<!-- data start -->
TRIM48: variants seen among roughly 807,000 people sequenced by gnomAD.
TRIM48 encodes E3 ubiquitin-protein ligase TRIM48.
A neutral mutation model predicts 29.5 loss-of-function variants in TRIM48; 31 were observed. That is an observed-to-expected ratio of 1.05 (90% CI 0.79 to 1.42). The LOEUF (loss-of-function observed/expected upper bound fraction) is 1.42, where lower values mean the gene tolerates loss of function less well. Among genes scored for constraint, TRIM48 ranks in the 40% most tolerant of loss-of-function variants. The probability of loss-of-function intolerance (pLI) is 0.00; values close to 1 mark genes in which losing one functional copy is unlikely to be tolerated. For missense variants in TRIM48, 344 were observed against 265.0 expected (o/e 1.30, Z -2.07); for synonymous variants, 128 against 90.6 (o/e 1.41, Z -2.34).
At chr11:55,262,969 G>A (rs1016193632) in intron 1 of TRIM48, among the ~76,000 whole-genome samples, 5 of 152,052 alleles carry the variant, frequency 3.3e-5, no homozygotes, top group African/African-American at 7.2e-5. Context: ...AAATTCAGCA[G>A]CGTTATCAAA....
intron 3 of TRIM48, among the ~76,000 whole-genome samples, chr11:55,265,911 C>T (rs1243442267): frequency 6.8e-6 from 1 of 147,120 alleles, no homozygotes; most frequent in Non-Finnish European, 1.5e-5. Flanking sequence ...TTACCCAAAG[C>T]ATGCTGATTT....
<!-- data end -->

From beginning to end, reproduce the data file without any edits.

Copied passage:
TRIM48: variants seen among roughly 807,000 people sequenced by gnomAD.
TRIM48 encodes E3 ubiquitin-protein ligase TRIM48.
A neutral mutation model predicts 29.5 loss-of-function variants in TRIM48; 31 were observed. That is an observed-to-expected ratio of 1.05 (90% CI 0.79 to 1.42). The LOEUF (loss-of-function observed/expected upper bound fraction) is 1.42, where lower values mean the gene tolerates loss of function less well. Among genes scored for constraint, TRIM48 ranks in the 40% most tolerant of loss-of-function variants. The probability of loss-of-function intolerance (pLI) is 0.00; values close to 1 mark genes in which losing one functional copy is unlikely to be tolerated. For missense variants in TRIM48, 344 were observed against 265.0 expected (o/e 1.30, Z -2.07); for synonymous variants, 128 against 90.6 (o/e 1.41, Z -2.34).
At chr11:55,262,969 G>A (rs1016193632) in intron 1 of TRIM48, among the ~76,000 whole-genome samples, 5 of 152,052 alleles carry the variant, frequency 3.3e-5, no homozygotes, top group African/African-American at 7.2e-5. Context: ...AAATTCAGCA[G>A]CGTTATCAAA....
intron 3 of TRIM48, among the ~76,000 whole-genome samples, chr11:55,265,911 C>T (rs1243442267): frequency 6.8e-6 from 1 of 147,120 alleles, no homozygotes; most frequent in Non-Finnish European, 1.5e-5. Flanking sequence ...TTACCCAAAG[C>T]ATGCTGATTT....